Thursday, October 06, 2005

GPs' attitude 'may hinder care'

Where do I fit in? Diagnosed with irritable bowel IBS - or spastic colon as it was known back in the 1980s and now plagued by chronic fatigue, possibly fibromyalgia with all it's joint and muscle pains, brain fog, poor sleep etc etc...
BBC NEWS | Health | GPs' attitude 'may hinder care': "A GP's belief about certain medical conditions may block patients from getting best care, say researchers.

46 GPs studied were asked to discuss a series of clinical scenarios involving patients with irritable bowel syndrome (IBS) or chronic fatigue syndrome (CFS), also known as myalgic encephalomyelitis or ME... they found some tended to stereotype patients with chronic fatigue syndrome as 'prone to stress'.

In contrast, patients with irritable bowel syndrome were seen to be battling with a debilitating disease.

CFS was officially recognised as a genuine illness in the UK by the Royal Colleges of Physicians and General Practitioners in October 1996.

But some of the GPs tended to view patients with CFS as having certain undesirable traits such as being "introspective" or having a "low symptom threshold".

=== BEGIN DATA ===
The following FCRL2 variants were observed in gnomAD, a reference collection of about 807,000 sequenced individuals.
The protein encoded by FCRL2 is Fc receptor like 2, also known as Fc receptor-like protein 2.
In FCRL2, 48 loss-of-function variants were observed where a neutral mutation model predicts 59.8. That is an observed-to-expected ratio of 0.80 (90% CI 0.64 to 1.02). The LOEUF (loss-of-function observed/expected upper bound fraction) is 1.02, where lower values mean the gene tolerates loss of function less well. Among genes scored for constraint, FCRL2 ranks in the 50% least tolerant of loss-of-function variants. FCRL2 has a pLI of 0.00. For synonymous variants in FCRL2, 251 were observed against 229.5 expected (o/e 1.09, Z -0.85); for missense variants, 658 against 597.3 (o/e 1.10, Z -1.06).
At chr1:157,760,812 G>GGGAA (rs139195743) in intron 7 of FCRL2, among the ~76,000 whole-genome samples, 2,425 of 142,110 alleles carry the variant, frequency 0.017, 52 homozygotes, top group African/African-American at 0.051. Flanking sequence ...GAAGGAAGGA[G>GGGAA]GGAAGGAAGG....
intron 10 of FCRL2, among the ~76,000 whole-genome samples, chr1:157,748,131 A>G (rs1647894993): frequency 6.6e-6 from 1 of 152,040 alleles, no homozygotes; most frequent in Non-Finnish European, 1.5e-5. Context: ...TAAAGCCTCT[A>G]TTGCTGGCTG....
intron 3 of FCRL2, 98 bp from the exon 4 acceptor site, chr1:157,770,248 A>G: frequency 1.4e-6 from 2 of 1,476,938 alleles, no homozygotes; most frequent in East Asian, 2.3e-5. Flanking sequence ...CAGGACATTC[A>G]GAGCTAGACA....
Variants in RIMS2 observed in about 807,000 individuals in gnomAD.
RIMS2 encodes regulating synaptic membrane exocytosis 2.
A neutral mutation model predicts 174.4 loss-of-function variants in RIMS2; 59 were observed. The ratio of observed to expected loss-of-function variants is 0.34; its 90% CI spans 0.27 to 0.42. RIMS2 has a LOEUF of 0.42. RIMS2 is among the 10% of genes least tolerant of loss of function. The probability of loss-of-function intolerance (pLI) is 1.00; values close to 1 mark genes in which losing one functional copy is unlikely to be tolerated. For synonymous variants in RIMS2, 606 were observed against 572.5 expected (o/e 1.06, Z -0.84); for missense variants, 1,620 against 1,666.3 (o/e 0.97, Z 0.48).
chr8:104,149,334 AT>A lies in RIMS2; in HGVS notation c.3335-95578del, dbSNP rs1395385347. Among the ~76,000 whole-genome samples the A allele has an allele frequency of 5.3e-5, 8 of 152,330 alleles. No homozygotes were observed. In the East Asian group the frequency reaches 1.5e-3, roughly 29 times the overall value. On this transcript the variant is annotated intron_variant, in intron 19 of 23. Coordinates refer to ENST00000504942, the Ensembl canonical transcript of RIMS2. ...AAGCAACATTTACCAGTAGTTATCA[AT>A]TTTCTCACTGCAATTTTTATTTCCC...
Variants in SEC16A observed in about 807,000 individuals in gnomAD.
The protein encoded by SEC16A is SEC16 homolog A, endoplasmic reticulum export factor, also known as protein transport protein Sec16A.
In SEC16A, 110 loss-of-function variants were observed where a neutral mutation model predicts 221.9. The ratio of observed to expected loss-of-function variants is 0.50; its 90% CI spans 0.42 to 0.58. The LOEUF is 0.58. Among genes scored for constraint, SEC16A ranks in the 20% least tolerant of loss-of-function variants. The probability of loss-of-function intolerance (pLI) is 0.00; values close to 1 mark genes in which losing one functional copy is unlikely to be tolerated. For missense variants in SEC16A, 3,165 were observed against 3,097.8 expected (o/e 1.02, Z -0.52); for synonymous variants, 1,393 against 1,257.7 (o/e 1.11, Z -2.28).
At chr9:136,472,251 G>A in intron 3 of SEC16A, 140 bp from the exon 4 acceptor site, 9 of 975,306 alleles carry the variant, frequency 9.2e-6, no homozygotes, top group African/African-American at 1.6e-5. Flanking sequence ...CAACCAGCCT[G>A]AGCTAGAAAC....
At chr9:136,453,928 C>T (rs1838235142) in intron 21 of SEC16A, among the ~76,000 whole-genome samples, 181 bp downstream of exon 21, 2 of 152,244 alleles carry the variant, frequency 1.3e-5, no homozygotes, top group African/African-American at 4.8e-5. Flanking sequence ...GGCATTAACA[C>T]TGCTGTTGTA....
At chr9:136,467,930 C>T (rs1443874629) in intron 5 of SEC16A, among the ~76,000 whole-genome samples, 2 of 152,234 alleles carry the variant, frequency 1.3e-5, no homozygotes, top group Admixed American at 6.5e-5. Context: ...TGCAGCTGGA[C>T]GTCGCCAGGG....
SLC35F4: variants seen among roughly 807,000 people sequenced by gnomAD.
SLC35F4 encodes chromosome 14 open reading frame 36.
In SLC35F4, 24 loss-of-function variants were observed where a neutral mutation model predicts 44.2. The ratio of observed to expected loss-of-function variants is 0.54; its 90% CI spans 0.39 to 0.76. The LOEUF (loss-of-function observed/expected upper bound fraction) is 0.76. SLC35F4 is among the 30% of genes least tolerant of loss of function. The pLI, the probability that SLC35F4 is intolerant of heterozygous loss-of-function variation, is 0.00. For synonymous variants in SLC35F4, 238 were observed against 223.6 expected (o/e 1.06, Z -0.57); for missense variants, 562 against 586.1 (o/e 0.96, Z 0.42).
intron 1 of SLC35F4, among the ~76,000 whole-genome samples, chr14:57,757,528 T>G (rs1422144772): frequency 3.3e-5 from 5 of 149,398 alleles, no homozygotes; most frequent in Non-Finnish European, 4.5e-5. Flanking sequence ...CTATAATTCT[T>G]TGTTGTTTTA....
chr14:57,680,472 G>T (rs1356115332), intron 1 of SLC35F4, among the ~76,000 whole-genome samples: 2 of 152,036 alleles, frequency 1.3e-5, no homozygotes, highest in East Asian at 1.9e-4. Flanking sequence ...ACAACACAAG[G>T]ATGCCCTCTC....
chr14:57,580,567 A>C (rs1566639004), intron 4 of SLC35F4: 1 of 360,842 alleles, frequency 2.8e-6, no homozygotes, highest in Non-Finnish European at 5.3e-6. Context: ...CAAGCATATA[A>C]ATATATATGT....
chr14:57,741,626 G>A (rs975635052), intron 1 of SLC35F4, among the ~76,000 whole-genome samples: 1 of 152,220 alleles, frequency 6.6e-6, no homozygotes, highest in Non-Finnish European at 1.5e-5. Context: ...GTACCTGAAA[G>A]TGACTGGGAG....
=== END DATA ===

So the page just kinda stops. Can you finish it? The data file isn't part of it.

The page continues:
They saw CFS patients as having "a certain personality trait that is chronic fatigue syndrome waiting to happen".

Rosalind Raine and colleagues suggest the doctors' stereotyping of CFS patients meant they saw the condition less as a discrete disorder, and more as a defining feature of the patient.

Such stereotyping of IBS did not seem to occur.

The study authors suggest one reason why this might be is that it is easier to picture IBS being a physical problem because of it affects a specific part of the body, unlike CFS.

Dr Charles Shepherd, from the ME Association said GPs find CFS a difficult condition to manage.

"Conflicts arise, especially when the GP believes it's psychological rather than physical."

He added that the study authors themselves appeared to advocate psychological interventions for ME, which he said was incorrect.

"The view of the WHO and the department of health is that it's a neurological illness," he said."


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